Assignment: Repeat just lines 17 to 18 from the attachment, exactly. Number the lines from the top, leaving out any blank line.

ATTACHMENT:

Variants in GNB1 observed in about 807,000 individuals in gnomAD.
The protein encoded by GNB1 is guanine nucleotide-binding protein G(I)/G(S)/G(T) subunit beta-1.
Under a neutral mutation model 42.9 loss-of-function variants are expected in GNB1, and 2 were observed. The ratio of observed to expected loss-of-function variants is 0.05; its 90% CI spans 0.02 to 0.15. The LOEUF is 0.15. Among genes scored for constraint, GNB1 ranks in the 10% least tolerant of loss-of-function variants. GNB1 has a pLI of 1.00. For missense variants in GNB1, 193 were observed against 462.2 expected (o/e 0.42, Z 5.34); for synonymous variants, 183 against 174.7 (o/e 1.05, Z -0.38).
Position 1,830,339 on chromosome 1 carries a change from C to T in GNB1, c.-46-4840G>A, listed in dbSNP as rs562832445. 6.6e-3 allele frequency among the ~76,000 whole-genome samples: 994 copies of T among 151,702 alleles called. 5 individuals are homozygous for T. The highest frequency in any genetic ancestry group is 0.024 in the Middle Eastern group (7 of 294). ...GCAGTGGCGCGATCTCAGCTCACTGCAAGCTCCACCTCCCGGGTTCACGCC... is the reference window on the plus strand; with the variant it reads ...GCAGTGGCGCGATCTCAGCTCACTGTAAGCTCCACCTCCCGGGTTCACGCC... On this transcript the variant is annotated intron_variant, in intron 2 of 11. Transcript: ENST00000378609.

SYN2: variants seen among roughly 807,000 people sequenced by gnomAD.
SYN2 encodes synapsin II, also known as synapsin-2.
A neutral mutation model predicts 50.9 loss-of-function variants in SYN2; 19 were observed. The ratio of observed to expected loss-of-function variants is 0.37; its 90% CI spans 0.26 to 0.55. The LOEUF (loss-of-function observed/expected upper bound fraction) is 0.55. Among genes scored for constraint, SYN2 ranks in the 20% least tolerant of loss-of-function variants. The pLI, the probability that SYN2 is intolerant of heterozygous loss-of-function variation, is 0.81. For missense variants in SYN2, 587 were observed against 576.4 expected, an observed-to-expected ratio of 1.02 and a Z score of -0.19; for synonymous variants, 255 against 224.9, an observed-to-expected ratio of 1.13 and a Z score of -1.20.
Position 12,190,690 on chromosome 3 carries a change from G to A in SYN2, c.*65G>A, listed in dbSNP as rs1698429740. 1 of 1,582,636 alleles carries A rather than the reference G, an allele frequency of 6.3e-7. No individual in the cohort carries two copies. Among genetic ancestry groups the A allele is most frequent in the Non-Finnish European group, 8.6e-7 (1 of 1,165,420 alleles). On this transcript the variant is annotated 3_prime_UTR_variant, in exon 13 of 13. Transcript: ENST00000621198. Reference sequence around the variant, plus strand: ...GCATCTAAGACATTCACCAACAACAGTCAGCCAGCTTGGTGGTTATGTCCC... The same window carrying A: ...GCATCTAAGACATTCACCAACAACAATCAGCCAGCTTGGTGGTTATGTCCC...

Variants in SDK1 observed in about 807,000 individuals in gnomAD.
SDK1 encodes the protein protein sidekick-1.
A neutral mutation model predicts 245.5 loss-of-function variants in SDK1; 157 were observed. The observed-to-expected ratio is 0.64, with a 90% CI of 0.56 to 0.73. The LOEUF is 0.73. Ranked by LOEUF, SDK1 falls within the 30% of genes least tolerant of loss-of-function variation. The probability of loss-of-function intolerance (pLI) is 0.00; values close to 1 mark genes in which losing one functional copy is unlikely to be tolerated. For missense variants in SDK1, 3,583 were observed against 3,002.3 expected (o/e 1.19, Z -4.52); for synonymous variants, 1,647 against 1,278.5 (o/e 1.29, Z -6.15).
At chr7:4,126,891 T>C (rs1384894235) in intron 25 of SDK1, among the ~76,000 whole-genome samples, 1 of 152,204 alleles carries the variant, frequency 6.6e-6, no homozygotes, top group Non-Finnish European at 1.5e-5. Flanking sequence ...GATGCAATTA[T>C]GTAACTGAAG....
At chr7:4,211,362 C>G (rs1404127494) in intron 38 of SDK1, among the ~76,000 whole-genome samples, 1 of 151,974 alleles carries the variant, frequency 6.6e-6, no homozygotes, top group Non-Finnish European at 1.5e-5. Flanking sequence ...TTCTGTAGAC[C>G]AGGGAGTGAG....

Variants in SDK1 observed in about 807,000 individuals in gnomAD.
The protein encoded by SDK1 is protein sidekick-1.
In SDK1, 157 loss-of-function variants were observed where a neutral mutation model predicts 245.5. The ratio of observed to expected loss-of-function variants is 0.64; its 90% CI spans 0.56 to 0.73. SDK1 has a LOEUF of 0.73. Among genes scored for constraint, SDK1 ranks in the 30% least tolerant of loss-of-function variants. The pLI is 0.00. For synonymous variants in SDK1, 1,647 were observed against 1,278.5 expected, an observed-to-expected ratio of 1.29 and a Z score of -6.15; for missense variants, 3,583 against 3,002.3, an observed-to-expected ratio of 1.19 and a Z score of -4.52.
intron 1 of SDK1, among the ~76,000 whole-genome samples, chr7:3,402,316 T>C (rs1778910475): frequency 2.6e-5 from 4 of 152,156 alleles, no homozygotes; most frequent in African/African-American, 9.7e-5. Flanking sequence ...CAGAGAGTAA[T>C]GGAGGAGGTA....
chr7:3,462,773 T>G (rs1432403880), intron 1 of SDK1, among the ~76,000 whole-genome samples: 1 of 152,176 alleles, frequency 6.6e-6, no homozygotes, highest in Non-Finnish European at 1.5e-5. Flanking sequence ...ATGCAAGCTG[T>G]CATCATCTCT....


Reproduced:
intron 1 of SDK1, among the ~76,000 whole-genome samples, chr7:3,402,316 T>C (rs1778910475): frequency 2.6e-5 from 4 of 152,156 alleles, no homozygotes; most frequent in African/African-American, 9.7e-5. Flanking sequence ...CAGAGAGTAA[T>C]GGAGGAGGTA....
chr7:3,462,773 T>G (rs1432403880), intron 1 of SDK1, among the ~76,000 whole-genome samples: 1 of 152,176 alleles, frequency 6.6e-6, no homozygotes, highest in Non-Finnish European at 1.5e-5. Flanking sequence ...ATGCAAGCTG[T>G]CATCATCTCT....